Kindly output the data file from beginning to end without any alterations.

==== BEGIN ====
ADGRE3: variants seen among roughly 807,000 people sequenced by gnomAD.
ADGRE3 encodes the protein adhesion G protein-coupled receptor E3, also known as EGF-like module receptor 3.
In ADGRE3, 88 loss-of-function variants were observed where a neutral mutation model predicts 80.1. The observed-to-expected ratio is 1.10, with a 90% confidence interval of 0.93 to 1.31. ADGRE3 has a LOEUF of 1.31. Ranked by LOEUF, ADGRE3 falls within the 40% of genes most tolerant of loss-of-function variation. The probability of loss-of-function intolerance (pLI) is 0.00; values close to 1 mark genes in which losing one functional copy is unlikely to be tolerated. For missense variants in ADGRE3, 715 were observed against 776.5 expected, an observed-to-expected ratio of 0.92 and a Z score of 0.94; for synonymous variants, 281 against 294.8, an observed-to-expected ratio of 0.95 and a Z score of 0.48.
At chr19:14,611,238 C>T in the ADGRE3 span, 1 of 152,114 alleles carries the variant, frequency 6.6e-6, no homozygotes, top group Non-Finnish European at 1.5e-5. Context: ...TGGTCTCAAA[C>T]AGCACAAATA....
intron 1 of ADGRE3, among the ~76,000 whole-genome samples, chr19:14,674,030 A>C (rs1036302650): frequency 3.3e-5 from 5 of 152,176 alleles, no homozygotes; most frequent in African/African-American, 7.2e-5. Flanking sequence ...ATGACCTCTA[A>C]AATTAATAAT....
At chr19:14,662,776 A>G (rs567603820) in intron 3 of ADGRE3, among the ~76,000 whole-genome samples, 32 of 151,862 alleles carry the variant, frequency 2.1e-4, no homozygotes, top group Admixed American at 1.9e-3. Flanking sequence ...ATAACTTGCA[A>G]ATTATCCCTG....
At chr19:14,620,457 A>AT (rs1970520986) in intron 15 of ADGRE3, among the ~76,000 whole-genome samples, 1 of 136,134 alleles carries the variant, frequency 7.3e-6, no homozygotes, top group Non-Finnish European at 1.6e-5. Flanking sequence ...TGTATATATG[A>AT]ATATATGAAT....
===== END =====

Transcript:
ADGRE3: variants seen among roughly 807,000 people sequenced by gnomAD.
ADGRE3 encodes the protein adhesion G protein-coupled receptor E3, also known as EGF-like module receptor 3.
In ADGRE3, 88 loss-of-function variants were observed where a neutral mutation model predicts 80.1. The observed-to-expected ratio is 1.10, with a 90% confidence interval of 0.93 to 1.31. ADGRE3 has a LOEUF of 1.31. Ranked by LOEUF, ADGRE3 falls within the 40% of genes most tolerant of loss-of-function variation. The probability of loss-of-function intolerance (pLI) is 0.00; values close to 1 mark genes in which losing one functional copy is unlikely to be tolerated. For missense variants in ADGRE3, 715 were observed against 776.5 expected, an observed-to-expected ratio of 0.92 and a Z score of 0.94; for synonymous variants, 281 against 294.8, an observed-to-expected ratio of 0.95 and a Z score of 0.48.
At chr19:14,611,238 C>T in the ADGRE3 span, 1 of 152,114 alleles carries the variant, frequency 6.6e-6, no homozygotes, top group Non-Finnish European at 1.5e-5. Context: ...TGGTCTCAAA[C>T]AGCACAAATA....
intron 1 of ADGRE3, among the ~76,000 whole-genome samples, chr19:14,674,030 A>C (rs1036302650): frequency 3.3e-5 from 5 of 152,176 alleles, no homozygotes; most frequent in African/African-American, 7.2e-5. Flanking sequence ...ATGACCTCTA[A>C]AATTAATAAT....
At chr19:14,662,776 A>G (rs567603820) in intron 3 of ADGRE3, among the ~76,000 whole-genome samples, 32 of 151,862 alleles carry the variant, frequency 2.1e-4, no homozygotes, top group Admixed American at 1.9e-3. Flanking sequence ...ATAACTTGCA[A>G]ATTATCCCTG....
At chr19:14,620,457 A>AT (rs1970520986) in intron 15 of ADGRE3, among the ~76,000 whole-genome samples, 1 of 136,134 alleles carries the variant, frequency 7.3e-6, no homozygotes, top group Non-Finnish European at 1.6e-5. Flanking sequence ...TGTATATATG[A>AT]ATATATGAAT....